Down to Earth

Janelle Monáe talks about the wild ride The ArchAndroid has taken her on

Sharp-dressed woman: Janelle Monae returns to Winnipeg for a performance at the jazz festival. Supplied

A few weeks ago, on May 18, Janelle Monáe marked the second anniversary of her debut full-length album with a tweet that read in part, “Happy Birthday, ArchAndroid. I thank God for you.” What exactly have the past two years been like for the 26-year-old, born Janelle Monáe Robinson?

“It’s been a voyage, it’s been whimsical, it’s been very inspiring and very encouraging,” she says by phone from a recording studio in Atlanta, Georgia. “I’ve been able to tour around the world and meet some of my musical heroes like Stevie Wonder … and have some incredible opportunities.”

Acclaimed for its mix of R&B, neo-soul, funk, hip hop and rock, The ArchAndroid earned Monáe a Grammy Award nomination for Best Contemporary R&B Album and produced the hit single Tightrope, featuring Big Boi from Outkast.

The Kansas City, Kansas-born singer, known for her pompadour and tuxedo, will bring her otherworldly live show to Winnipeg’s Burton Cummings Theatre on Wednesday, June 20 as part of the 2012 TD Winnipeg International Jazz Festival.

Monáe has said her music is influenced by all the things she loves - scores for films like Goldfinger, albums like Stevie Wonder’s Music of My Mind and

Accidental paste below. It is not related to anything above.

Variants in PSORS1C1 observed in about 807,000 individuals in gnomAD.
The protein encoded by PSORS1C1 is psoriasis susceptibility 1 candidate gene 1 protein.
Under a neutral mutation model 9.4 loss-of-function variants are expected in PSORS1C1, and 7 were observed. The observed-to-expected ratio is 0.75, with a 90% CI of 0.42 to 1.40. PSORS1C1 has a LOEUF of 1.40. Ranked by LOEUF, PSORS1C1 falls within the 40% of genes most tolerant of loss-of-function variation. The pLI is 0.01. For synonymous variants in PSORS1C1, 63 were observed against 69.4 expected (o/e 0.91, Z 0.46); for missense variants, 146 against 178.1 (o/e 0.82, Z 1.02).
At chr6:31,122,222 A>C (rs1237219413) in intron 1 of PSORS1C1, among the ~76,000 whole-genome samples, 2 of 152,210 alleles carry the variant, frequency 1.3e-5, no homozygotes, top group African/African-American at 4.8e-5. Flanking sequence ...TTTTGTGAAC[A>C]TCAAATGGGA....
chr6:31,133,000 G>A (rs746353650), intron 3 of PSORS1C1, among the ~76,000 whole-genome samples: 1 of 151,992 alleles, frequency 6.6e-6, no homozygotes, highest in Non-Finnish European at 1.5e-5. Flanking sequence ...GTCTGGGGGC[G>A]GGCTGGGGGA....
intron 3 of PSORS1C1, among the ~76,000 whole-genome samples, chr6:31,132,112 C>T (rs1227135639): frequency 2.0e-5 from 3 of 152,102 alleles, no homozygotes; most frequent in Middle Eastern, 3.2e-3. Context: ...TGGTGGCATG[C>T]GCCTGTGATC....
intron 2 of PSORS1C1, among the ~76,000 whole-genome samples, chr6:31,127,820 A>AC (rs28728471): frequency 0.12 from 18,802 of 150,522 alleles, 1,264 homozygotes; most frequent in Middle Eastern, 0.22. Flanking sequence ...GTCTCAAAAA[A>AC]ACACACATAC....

I will release the follow-up to The ArchAndroid according to my soul clock. When the time comes, I will notify you and the rest of this beautiful world.

Janelle Monáe

David Bowie’s Ziggy Stardust, along with experimental hip hop like Outkast’s Stankonia.

The ArchAndroid is a concept album that tells the science fiction-inspired tale of Monáe’s alter-ego, Cindi Mayweather, a messianic android sent to free the citizens of Metropolis from The Great Divide, a secret society that uses time-travel to suppress freedom and love.

“I enjoy science fiction because there are limitless possibilities,” says Monáe, who grew up watching The Twilight Zone with her grandmother. “The ideas and possibilities intrigue me. It ignites something in my imagination that allows it to run wild.”

Her lyrics may be fantastical, but they do feature very real themes of empowerment and self-realization that Monáe hopes will uplift and motivate listeners.

“I think I’m a service-oriented person and that I was put here to help and contribute to society,” she says. “Music is something that brings people together - it’s a universal language. It’s a great platform when you have the attention of androids, humans, aliens, whoever comes to the concert. You have the opportunity to say something. You can be encouraging and life-changing.”

“I think music is medicine, and I’ve always wanted to create that,” she adds.

Two years after The ArchAndroid, the big question is when Monáe will release a follow-up album, and what it will be like.

“It’s jammin’,” she says of her next album. “The concepts are moving and I will release the follow-up to The ArchAndroid according to my soul clock.

“When the time comes, I will notify you and the rest of this beautiful world.”

Related links:

Why don’t we paint the town and all that jazz? Twenty-third TD Winnipeg International Jazz Festival offers something for everybody

Bursting apart, coming together: Antlers front man Peter Silberman talks creative process amidst resounding success

The power of positive pop: Local songstress Flo aims to uplift listeners with her new album, Pieces of Me

Published in Volume 66, Number 27 of The Uniter (May 30, 2012)

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